Dr Charat Ram passes away
Dr Charat Ram, one of India’s most respected industrialists and a Delhi veteran who nurtured the arts, culture and education, died on Tuesday after a prolonged illness that resulted in multiple organ failure, members of his family said. He was 89.
His cremation is scheduled to take place on Wednesday.
The industrialist, famous for aggressively promoting professional management with a meticulous sense of detail, built up companies, including Shriram Pistons, Jay Engineering, Usha International and Shriram Industrial Enterprises Ltd. (SIEL). SIEL brought the Honda car to India under a joint venture after a four-way split in the Delhi Cloth Mills-led industrial empire founded by his father, the late Lala Shri Ram.
Dr Charat Ram, who was often referred to in the same breath as his brother Dr. Bharat Ram, is survived by his wife Sumitra, sons Deepak and Siddharth, and daughters Shobha and Gauri. The family has funded cultural centres like the Shriram Bharatiya Kala Kendra and the Shri Ram Centre, while the Lady Shri Ram College and the Shri Ram College of Commerce are among the extended family’s gifts to the capital.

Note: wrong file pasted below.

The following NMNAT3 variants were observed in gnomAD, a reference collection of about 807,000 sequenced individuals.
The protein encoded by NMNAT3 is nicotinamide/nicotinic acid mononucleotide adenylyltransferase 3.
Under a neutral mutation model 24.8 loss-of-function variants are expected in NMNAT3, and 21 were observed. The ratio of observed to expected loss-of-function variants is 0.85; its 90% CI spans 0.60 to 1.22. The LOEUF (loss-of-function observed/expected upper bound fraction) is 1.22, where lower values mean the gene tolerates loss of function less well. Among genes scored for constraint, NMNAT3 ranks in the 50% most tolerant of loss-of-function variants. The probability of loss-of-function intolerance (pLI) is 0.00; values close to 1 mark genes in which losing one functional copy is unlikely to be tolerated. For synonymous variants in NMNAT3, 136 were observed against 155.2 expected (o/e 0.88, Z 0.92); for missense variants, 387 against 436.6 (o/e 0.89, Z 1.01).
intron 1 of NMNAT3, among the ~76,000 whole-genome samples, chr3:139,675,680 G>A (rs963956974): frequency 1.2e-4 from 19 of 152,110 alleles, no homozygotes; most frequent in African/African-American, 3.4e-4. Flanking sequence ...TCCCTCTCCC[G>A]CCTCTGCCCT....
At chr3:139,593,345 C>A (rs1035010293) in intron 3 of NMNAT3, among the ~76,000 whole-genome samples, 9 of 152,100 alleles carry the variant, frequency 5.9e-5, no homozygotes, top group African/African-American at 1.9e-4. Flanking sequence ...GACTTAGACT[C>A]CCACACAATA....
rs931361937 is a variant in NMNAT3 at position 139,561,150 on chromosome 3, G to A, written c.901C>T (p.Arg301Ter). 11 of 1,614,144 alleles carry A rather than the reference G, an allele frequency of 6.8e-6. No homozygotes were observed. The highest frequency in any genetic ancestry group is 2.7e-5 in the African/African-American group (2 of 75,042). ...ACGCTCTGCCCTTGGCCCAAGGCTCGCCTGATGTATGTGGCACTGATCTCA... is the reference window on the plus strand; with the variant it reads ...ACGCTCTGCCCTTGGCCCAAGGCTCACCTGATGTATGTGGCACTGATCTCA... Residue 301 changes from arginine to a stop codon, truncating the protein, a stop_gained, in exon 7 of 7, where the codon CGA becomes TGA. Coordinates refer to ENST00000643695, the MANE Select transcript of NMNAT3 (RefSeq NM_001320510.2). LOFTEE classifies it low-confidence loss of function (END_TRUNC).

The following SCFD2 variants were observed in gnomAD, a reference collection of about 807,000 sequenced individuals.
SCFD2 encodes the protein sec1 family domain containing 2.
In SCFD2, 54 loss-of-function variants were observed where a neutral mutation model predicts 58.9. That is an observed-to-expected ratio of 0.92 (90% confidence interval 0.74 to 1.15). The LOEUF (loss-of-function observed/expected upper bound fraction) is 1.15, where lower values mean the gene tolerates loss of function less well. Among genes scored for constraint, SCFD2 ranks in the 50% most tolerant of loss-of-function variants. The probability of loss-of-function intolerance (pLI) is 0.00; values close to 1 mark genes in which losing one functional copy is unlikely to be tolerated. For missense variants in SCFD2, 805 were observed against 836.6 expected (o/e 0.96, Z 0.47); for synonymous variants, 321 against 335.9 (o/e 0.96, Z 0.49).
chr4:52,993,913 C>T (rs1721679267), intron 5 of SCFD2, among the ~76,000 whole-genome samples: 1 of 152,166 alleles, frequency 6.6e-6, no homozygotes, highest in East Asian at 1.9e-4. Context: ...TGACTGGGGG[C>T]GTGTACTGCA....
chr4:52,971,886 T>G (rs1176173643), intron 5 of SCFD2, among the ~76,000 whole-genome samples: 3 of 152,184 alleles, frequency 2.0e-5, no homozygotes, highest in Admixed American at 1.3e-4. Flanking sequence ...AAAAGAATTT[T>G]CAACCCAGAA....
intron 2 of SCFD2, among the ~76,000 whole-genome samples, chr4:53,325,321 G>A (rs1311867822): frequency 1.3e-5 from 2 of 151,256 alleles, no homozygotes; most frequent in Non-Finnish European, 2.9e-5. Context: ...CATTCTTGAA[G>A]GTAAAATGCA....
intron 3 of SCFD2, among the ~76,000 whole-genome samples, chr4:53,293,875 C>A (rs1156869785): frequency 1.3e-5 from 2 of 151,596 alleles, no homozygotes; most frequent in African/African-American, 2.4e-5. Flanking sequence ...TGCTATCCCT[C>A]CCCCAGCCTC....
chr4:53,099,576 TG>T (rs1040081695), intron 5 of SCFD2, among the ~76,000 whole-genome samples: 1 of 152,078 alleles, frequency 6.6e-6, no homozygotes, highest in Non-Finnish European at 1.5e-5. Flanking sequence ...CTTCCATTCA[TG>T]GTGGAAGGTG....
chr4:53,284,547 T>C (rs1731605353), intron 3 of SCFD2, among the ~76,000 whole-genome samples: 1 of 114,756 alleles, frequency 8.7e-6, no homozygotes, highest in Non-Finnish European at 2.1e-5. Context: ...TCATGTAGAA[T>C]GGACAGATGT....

In 1973-74, Dr Charat Ram was president of the Federation of Indian Chambers of Commerce and Industry (FICCI), in which he was one of the pivotal figures for decades.
Despite publicised differences with his son Siddharth and management protégé N.R. Dongre, Dr Charat Ram’s reputation was one of a friendly patriarch who helped managers grow.
“I must tell you he shaped my career all the way,” Ashok Soota, chairman of MindTree Consulting and former president of Wipro, told Hindustan Times from Germany. Soota started his career with the group and left Shriram Refrigeration as its chief executive officer after 19 years in the group.
“He was a task master, quick on his feet and entrepreneurial,” Soota said. “I met him last year and his mind was sharp as nails even if he was physically frail.” Habil Khorakiwala, FICCI’s president, expressing his condolences, described Dr Charat Ram as a “beacon for businesspersons in India.”
“People who worked under him later became either leading professionals or entrepreneurs,” said K N Memani, former chairman of Ernst & Young.